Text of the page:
Taklong Island hopping
APART from mangoes, Guimaras is also rich in biodiversity. With the many islands and islets surrounding this tiny islandprovince, it is just right that we leave the mainland and make our way towards its coast. Our stay at the Nature’s Eye Resort included a three-hour island hopping at the nearby Taklong Island National Marine Reserve (TINMR) in Nueva Valencia, Guimaras.
Before we proceeded to the mangrove forest in Taklong Island, we made a stopover at the Floating Cottage on a sandbar. The sandbar was submerged in the sea and is not visible from afar. But upon closer look, it seemed like a huge swimming pool that is shallow enough for children to swim into. It is cordoned off by a net and a ladder makes it easy for guests to get into and out of the water.
The water was enticing and I immediately took a dip in the sea. The sky was clear and the surroundings were just postcard perfect. The sea was clean and the fine sand felt silky beneath my feet. Good thing there weren’t too many tourists in the area. There were just our group (there were six of us in the boat) and then a family of six enjoying the Floating Cottage.
The small cottage, with four picnic tables inside, is managed by the San Roque Coastal Environment Program Association (Sarcepa). Members of Sarcepa who were manning the cottage at that time told us that this started in December 2015 through the efforts of former Department of Environment and Natural Resources (DENR) Secretary Gina Lopez.
Things to note when you plan to stop by the Floating Cottage: liquors and smoking are not allowed in
Covering a total of 1,143.45 hectares, including 53 hectares of mangrove plantation, the TINMR is a place where various plant and animal species abound. It also has 46 islands and islets within its boundaries. We were able to chat with some personnel from the DENR-Provincial Environment and Natural Resources Office patrolling the area. We went to the beach where their office is located. The beach was deserted until another boat arrived. Still, we swam to our heart’s content while others climbed the lookout structures for a bird’s eye view of the surrounding islets.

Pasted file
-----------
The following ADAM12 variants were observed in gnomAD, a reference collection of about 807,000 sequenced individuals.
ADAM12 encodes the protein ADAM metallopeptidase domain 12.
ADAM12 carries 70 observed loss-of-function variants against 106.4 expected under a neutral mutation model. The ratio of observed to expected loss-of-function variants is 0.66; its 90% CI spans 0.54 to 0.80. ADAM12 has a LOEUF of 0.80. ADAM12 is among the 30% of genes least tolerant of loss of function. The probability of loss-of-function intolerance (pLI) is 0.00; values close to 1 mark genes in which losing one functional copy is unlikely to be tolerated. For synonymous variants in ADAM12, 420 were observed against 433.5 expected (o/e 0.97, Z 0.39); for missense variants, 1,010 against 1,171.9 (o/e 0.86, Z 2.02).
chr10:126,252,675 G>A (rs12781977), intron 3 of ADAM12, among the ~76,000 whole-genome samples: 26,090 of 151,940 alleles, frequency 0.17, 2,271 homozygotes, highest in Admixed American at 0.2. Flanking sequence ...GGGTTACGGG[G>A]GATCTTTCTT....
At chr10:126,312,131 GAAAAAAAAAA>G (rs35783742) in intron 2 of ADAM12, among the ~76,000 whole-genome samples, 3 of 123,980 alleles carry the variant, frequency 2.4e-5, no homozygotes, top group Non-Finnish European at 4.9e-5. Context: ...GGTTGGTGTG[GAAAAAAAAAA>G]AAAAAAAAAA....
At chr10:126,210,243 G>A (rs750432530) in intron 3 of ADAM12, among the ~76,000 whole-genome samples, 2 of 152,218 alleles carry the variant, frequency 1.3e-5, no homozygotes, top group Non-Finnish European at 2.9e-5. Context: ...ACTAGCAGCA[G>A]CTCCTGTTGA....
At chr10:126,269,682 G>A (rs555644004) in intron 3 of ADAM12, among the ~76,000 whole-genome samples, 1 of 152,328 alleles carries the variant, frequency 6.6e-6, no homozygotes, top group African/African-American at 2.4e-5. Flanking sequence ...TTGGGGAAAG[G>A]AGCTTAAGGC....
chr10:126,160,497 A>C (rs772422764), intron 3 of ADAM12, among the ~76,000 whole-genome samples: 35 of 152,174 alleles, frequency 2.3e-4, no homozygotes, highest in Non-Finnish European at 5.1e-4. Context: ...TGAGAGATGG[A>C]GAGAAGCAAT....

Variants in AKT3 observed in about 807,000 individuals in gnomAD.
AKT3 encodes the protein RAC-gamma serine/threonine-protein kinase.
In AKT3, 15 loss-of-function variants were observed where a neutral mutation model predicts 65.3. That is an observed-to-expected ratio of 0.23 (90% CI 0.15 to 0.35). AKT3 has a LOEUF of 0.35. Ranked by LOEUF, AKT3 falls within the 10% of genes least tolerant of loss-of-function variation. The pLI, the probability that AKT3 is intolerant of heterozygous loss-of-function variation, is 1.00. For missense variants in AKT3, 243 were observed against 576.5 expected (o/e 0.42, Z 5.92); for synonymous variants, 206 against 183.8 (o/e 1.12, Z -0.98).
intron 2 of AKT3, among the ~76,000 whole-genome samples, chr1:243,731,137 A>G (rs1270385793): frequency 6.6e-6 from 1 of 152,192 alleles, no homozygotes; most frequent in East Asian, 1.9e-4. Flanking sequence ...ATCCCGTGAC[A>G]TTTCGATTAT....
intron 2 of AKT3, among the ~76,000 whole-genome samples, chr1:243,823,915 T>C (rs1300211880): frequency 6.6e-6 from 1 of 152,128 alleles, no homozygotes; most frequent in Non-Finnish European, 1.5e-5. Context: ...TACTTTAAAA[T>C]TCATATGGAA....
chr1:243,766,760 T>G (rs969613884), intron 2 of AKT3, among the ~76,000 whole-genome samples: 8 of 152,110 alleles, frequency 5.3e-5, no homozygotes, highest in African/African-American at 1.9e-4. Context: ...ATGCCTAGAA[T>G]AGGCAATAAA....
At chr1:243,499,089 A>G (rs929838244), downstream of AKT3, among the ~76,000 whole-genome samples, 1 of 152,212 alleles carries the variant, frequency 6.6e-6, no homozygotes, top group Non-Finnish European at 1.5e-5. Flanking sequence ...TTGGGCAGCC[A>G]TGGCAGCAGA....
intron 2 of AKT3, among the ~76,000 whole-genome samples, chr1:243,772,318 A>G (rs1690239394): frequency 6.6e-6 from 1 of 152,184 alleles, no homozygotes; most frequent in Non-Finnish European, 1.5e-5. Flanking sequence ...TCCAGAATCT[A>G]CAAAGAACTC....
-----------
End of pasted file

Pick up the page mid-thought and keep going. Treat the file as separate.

As I sat there at the beach and looked around the magnificent raw beauty of nature, the more I am convinced that we need to protect our environment in whatever way we can – big or small. I am glad that the local government agencies and the communities are doing their part to safeguard the natural gems within their territories. After that infamous oil spill in 2006, the locals are more vigilant that their natural resources will be protected from damage caused by man.
The sun was high and it was time to go back to the resort. We passed through the many islets, some of which have interesting shapes, carved and molded by nature. There were tiny caves and cavities, proof that the waves and the wind can cut through the rocks. We also spotted a number of isolated beaches and felt relieved that they have remained untouched. Guimaras has charmed us and its marine reserve has brought us straight into paradise. *** All photos are by this author. Claire Marie Algarme blogs at http://firsttimetravels.com. Follow her as @firsttimetravel on Twitter and Instagram and like her Facebook page First-time Travels.